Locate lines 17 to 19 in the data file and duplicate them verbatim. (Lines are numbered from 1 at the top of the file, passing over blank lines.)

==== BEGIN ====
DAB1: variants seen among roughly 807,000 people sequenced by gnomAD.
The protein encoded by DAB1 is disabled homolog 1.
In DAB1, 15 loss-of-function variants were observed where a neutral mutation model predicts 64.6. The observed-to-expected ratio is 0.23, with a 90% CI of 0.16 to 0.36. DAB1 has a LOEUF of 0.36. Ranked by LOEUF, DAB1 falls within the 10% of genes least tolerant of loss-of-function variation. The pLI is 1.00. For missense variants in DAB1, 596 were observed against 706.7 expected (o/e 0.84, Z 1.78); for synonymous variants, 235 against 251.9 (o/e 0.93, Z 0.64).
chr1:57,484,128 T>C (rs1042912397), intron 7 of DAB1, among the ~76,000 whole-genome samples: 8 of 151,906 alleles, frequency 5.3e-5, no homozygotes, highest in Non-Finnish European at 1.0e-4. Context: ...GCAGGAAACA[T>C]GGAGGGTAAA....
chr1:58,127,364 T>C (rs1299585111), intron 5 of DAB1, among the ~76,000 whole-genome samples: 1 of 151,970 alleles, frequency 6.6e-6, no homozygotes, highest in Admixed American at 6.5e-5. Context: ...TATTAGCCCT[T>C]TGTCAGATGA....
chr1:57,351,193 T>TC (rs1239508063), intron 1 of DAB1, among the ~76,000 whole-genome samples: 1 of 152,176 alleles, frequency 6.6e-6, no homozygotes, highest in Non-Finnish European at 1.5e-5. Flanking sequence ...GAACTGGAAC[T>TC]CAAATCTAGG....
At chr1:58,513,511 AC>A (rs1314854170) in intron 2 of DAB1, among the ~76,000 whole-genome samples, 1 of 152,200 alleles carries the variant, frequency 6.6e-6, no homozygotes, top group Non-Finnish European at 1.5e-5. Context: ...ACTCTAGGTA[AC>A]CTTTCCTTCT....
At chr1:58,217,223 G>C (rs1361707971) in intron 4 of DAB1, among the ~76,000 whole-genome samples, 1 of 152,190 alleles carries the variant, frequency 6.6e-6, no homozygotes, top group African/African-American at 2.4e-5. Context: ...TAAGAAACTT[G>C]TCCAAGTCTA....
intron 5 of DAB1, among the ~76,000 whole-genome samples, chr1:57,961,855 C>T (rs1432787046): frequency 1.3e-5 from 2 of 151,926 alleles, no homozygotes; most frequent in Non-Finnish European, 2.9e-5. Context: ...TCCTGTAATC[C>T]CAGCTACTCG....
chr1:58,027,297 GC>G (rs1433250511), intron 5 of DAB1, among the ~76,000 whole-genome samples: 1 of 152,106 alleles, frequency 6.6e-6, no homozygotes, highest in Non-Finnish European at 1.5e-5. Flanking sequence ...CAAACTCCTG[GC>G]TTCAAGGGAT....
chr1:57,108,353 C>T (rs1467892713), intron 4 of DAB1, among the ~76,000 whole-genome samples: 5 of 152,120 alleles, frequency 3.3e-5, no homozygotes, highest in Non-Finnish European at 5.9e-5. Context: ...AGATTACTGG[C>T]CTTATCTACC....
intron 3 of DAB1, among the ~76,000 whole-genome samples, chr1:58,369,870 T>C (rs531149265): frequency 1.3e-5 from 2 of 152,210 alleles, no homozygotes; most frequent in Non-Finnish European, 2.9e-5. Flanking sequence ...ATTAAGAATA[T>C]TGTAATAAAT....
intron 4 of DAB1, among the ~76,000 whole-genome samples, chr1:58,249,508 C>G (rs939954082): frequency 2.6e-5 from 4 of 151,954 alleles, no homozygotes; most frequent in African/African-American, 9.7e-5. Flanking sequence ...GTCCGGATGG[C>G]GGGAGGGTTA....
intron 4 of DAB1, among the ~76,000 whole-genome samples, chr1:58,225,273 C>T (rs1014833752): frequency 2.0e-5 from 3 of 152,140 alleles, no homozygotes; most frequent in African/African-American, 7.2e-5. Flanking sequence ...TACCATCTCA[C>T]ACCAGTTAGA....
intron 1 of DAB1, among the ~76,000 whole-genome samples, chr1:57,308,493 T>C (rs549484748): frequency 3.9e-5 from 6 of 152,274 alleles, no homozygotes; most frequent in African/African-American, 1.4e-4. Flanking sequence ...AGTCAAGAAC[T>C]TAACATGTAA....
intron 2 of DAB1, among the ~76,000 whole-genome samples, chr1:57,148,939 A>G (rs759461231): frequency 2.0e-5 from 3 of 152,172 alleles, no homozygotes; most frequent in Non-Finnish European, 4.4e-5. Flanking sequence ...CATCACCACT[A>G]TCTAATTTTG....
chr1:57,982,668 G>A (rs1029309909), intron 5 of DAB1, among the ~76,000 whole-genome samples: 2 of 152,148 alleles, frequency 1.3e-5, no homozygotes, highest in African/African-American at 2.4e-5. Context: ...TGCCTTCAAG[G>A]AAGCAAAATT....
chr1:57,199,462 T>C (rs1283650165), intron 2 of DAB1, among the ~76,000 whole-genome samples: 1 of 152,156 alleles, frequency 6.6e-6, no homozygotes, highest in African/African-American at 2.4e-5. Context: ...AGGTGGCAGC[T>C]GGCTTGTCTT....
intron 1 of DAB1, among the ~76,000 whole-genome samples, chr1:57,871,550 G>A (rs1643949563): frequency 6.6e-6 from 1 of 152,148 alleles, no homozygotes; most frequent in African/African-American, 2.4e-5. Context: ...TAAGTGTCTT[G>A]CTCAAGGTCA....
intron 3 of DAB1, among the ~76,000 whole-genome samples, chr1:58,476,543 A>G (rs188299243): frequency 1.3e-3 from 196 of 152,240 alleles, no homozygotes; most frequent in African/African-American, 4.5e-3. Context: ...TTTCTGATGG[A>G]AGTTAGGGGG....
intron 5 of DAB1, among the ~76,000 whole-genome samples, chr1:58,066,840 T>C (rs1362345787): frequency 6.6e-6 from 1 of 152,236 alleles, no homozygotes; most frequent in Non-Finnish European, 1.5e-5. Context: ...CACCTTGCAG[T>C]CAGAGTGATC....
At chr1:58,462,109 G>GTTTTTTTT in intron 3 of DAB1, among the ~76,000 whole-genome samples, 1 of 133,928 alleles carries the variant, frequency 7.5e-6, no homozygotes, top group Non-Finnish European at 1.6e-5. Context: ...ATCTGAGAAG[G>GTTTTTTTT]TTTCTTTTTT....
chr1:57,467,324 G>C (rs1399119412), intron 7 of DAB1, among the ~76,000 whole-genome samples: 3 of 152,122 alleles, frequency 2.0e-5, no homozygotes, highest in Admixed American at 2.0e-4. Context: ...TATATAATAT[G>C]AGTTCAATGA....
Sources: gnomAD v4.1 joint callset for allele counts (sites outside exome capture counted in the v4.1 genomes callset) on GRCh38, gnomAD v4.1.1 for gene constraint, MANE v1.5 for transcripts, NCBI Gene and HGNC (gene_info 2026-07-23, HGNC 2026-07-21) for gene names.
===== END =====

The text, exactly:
chr1:57,982,668 G>A (rs1029309909), intron 5 of DAB1, among the ~76,000 whole-genome samples: 2 of 152,148 alleles, frequency 1.3e-5, no homozygotes, highest in African/African-American at 2.4e-5. Context: ...TGCCTTCAAG[G>A]AAGCAAAATT....
chr1:57,199,462 T>C (rs1283650165), intron 2 of DAB1, among the ~76,000 whole-genome samples: 1 of 152,156 alleles, frequency 6.6e-6, no homozygotes, highest in African/African-American at 2.4e-5. Context: ...AGGTGGCAGC[T>C]GGCTTGTCTT....
intron 1 of DAB1, among the ~76,000 whole-genome samples, chr1:57,871,550 G>A (rs1643949563): frequency 6.6e-6 from 1 of 152,148 alleles, no homozygotes; most frequent in African/African-American, 2.4e-5. Context: ...TAAGTGTCTT[G>A]CTCAAGGTCA....